Rushton Has Supporters at U.S. Book Launch

Race, intelligence theory: Seeking to break 'the taboo, media censorship,' he says

National Post  
by Jonathon Gatehouse
National Post (July 11, 2000)
Don Mills, Ontario, Canada

J. Philippe Rushton, the University of Western Ontario psychologist whose controversial theories linking race and intelligence have made him a scientific outcast, is launching bid to win over the American public and media.

Professor Rushton, accompanied by three American academics who have also been criticized for their colour-based research, will give a press conference at Washington's National Press Club this afternoon, to promote the latest abridged edition of his book Race, Evolution and Behaviour.

Rushton "We've all written on race, crime, IQ and AIDS, and we've all suffered in one sense or another from the sensitivity that exists in these areas," Mr. Rushton said from his London, Ont., offices yesterday. "We want to break the taboo, the media censorship."

Last fall, Mr. Rushton, who is frequently branded a bigot, caused a furor in academic circles by sending out more than 40,000 copies of the 106-page synopsis of his racial hierarchies theories to social scientists around the world. The American-based publisher has refused to produce further copies, so the psychologist has printed the 100,000 booklets under the auspices of his Charles Darwin Research Institute. He plans to mail thousands more sample copies to universities in the United States and abroad.

Mr. Rushton said several donors, including the Pioneer Fund, an ultra-conservative U.S. organization that provides million of dollars each year in funding to researchers seeking to establish a link between genetics and behaviour, underwrote the $16,000 cost of the second edition.

"They only cost about 16 each," he said of the slim green volumes, which sport a cover price of $5.95. "We're hoping that the Institute will turn a profit on it."

Today's American launch of the book will feature testimonials from Robert A. Gordon, John Hopkins University sociologist who has written on the faults of affirmative action, Michael Levin, a professor of philosophy at the City College of New York, who has written extensively on race differences and in support of torture, and Jared Taylor, head of the New Century Foundation, a group that regularly issues studies on the "Colour of Crime."

Mr. Taylor is also editor of American Renaissance magazine. The July issue of his Virginia-based publication contains such articles as "The War on White Heritage" and "Blacking the Profession: When History Goes Afro-Centric."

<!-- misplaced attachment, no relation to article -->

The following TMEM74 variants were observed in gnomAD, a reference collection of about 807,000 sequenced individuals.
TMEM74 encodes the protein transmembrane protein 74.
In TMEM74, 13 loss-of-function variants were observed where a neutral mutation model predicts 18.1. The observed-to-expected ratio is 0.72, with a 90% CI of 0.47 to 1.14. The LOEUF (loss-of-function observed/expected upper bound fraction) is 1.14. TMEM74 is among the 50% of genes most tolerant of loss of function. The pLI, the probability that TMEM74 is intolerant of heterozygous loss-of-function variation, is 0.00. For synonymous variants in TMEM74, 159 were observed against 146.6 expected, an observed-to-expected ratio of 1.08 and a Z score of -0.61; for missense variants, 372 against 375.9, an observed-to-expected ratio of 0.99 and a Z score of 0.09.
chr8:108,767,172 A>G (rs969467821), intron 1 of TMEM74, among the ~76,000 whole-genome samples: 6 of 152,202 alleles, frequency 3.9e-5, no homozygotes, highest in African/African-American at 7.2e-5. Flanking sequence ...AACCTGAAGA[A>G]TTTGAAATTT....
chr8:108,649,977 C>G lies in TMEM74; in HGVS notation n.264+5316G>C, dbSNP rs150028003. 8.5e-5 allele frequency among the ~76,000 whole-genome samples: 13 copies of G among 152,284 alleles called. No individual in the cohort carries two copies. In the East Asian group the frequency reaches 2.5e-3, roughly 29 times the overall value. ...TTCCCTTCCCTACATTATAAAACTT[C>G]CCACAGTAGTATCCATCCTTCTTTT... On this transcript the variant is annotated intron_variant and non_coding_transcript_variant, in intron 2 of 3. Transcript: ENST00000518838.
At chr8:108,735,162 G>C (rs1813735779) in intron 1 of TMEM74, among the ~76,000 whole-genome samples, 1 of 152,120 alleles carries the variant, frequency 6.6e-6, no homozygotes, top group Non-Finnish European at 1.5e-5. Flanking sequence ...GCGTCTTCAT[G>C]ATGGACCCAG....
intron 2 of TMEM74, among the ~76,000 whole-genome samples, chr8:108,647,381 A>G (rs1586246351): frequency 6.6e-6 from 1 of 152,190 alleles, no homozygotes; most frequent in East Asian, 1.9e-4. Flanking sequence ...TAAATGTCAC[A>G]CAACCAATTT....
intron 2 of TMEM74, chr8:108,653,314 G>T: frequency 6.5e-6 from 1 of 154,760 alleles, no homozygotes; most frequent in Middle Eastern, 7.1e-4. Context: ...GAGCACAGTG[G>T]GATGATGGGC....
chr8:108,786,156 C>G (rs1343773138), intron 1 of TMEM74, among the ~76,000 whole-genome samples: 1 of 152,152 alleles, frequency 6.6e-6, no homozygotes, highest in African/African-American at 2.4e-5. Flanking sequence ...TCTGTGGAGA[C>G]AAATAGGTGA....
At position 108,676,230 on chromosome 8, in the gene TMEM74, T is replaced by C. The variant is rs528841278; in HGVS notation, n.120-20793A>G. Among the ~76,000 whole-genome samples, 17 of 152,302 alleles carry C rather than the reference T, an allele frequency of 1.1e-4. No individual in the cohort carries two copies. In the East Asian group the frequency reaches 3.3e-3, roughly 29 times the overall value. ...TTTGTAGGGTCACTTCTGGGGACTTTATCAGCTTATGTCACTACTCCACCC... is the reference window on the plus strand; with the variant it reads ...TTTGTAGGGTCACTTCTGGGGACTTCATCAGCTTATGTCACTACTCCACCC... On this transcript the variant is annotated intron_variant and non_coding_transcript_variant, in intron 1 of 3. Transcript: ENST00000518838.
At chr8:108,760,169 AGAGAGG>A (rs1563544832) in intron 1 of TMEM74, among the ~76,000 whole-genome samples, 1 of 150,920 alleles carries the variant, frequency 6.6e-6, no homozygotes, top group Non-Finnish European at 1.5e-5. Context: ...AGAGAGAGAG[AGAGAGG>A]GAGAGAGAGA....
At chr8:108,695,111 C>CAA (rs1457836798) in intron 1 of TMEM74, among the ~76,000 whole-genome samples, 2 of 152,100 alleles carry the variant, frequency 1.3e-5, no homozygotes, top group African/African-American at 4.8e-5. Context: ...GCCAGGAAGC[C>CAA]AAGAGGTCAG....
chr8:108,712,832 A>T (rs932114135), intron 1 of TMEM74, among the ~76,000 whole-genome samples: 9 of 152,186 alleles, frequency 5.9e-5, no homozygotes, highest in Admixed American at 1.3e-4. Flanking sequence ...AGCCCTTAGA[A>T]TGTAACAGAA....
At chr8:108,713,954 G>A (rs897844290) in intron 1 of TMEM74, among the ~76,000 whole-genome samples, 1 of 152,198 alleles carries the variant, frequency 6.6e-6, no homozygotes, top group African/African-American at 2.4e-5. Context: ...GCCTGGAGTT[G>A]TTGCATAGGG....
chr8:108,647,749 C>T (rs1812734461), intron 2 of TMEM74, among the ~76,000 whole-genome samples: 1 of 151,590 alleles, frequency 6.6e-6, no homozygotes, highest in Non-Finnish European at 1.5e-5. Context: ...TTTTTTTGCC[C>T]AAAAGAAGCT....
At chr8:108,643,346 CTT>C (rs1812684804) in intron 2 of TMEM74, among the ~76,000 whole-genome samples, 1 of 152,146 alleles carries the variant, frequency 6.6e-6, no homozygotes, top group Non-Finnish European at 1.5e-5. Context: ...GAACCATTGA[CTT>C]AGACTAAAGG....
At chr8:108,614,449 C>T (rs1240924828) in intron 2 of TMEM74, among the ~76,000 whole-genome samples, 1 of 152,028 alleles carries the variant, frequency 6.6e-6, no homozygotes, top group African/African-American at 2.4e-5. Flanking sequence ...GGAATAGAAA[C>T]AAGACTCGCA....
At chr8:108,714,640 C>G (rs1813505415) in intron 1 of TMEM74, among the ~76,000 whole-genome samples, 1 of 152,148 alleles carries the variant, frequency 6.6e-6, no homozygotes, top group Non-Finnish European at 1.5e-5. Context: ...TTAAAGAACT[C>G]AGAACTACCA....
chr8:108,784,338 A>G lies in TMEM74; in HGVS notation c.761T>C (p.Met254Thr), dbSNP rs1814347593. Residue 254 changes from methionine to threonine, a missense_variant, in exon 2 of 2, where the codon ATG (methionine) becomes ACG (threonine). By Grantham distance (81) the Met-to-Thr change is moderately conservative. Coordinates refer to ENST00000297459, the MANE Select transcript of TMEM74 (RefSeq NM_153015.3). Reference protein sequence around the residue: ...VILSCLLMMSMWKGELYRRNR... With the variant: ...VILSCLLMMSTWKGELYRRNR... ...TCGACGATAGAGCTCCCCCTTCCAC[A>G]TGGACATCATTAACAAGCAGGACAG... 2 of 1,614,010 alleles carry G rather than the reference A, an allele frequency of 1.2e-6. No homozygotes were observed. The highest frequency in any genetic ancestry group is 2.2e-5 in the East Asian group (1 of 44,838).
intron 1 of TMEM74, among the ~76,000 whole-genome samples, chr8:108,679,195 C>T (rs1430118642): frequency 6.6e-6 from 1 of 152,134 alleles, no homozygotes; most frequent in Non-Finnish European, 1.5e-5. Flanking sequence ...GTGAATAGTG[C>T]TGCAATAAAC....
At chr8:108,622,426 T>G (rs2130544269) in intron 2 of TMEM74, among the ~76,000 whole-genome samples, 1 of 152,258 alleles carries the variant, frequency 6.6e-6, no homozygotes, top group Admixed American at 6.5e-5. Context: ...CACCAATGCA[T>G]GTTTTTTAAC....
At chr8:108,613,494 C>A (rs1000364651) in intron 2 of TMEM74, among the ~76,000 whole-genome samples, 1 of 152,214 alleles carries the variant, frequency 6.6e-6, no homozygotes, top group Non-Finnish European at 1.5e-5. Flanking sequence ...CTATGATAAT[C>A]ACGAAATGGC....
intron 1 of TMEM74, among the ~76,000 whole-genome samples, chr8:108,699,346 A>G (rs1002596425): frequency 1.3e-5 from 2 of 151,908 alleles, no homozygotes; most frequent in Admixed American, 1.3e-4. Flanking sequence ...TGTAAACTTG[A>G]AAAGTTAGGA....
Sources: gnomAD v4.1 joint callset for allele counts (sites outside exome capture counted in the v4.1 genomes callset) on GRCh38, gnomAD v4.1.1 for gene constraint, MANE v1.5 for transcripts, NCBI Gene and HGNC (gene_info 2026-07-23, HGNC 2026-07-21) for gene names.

Barry Mehler, an expert on eugenics and founder of the Institute for the Study of Academic Racism at Ferris State University in Michigan, said he isn't surprised to see Mr. Rushton in such company. Groups such as the Pioneer Fund have embraced Mr. Rushton's work.

"They're investing a lot of money into his career," said Mr. Mehler. "He has been chosen to be the face of the movement."

Mr. Mehler, who also runs a Web site tracking racist groups and holocaust deniers, said coalition has been forming in the United States to promote scientific ideas that can be used to support far right-wing political philosophies. Even though the research is regularly debunked by mainstream academics, the strategy does pay dividends, he said.

"You just keep repeating the same lie over and over and over again and before you know it, people begin to believe it," said Mr. Mehler.

Andrew Winston, a University of Guelph psychologist, who specializes in the history of racism in the field, said the idea of mass mailing of contentious scientific material is not new one.

In the mid-1960s, Henry Garrett, former president of the American Psychological Association and former chairman of psychology at Columbia University, fought a battle against school integration by mailing treatises on race to thousands of American teachers, said Mr. Winston.

Mr. Winston disputes Mr. Rushton's claim that his theories have been censored south of the border, noting that the UWO researcher is still regularly published in academic journals.

"The cry of censorship seems to be one way for people to increase their profile," said Mr. Winston.

The booklet, like Mr. Rushton's other work, will find a ready audience among followers of racist politics, predicted Mr. Winston.

"I'm not saying it's his plan," said Mr. Winston. "But it will find a wider audience of people who already hold extreme views on race, and wish to have a sophisticated way to justify it."

Gatehouse, Jonathon. "Rushton has supporters at U.S. book launch." National Post. 11 Jul. 2000.

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